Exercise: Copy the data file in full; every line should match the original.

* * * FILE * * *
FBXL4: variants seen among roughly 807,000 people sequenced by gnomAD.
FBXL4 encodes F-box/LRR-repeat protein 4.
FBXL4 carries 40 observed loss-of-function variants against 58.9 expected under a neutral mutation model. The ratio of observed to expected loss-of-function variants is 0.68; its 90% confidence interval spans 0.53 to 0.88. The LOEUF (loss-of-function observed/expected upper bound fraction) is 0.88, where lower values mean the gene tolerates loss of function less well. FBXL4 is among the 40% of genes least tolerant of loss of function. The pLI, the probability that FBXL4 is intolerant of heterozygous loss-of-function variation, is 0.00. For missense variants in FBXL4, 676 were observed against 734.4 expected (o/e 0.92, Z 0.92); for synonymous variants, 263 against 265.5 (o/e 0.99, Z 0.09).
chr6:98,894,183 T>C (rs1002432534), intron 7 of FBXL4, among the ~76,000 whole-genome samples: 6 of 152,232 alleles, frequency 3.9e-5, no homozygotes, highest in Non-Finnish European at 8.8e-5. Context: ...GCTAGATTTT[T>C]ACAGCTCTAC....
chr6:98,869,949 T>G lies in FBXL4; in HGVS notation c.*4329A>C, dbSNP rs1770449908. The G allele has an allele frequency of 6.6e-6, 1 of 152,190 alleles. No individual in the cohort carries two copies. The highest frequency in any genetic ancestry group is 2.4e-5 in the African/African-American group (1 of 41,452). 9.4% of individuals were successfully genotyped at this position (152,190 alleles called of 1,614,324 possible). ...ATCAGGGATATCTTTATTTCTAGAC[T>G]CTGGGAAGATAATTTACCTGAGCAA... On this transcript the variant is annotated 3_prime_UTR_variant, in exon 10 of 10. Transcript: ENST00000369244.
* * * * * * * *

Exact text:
FBXL4: variants seen among roughly 807,000 people sequenced by gnomAD.
FBXL4 encodes F-box/LRR-repeat protein 4.
FBXL4 carries 40 observed loss-of-function variants against 58.9 expected under a neutral mutation model. The ratio of observed to expected loss-of-function variants is 0.68; its 90% confidence interval spans 0.53 to 0.88. The LOEUF (loss-of-function observed/expected upper bound fraction) is 0.88, where lower values mean the gene tolerates loss of function less well. FBXL4 is among the 40% of genes least tolerant of loss of function. The pLI, the probability that FBXL4 is intolerant of heterozygous loss-of-function variation, is 0.00. For missense variants in FBXL4, 676 were observed against 734.4 expected (o/e 0.92, Z 0.92); for synonymous variants, 263 against 265.5 (o/e 0.99, Z 0.09).
chr6:98,894,183 T>C (rs1002432534), intron 7 of FBXL4, among the ~76,000 whole-genome samples: 6 of 152,232 alleles, frequency 3.9e-5, no homozygotes, highest in Non-Finnish European at 8.8e-5. Context: ...GCTAGATTTT[T>C]ACAGCTCTAC....
chr6:98,869,949 T>G lies in FBXL4; in HGVS notation c.*4329A>C, dbSNP rs1770449908. The G allele has an allele frequency of 6.6e-6, 1 of 152,190 alleles. No individual in the cohort carries two copies. The highest frequency in any genetic ancestry group is 2.4e-5 in the African/African-American group (1 of 41,452). 9.4% of individuals were successfully genotyped at this position (152,190 alleles called of 1,614,324 possible). ...ATCAGGGATATCTTTATTTCTAGAC[T>G]CTGGGAAGATAATTTACCTGAGCAA... On this transcript the variant is annotated 3_prime_UTR_variant, in exon 10 of 10. Transcript: ENST00000369244.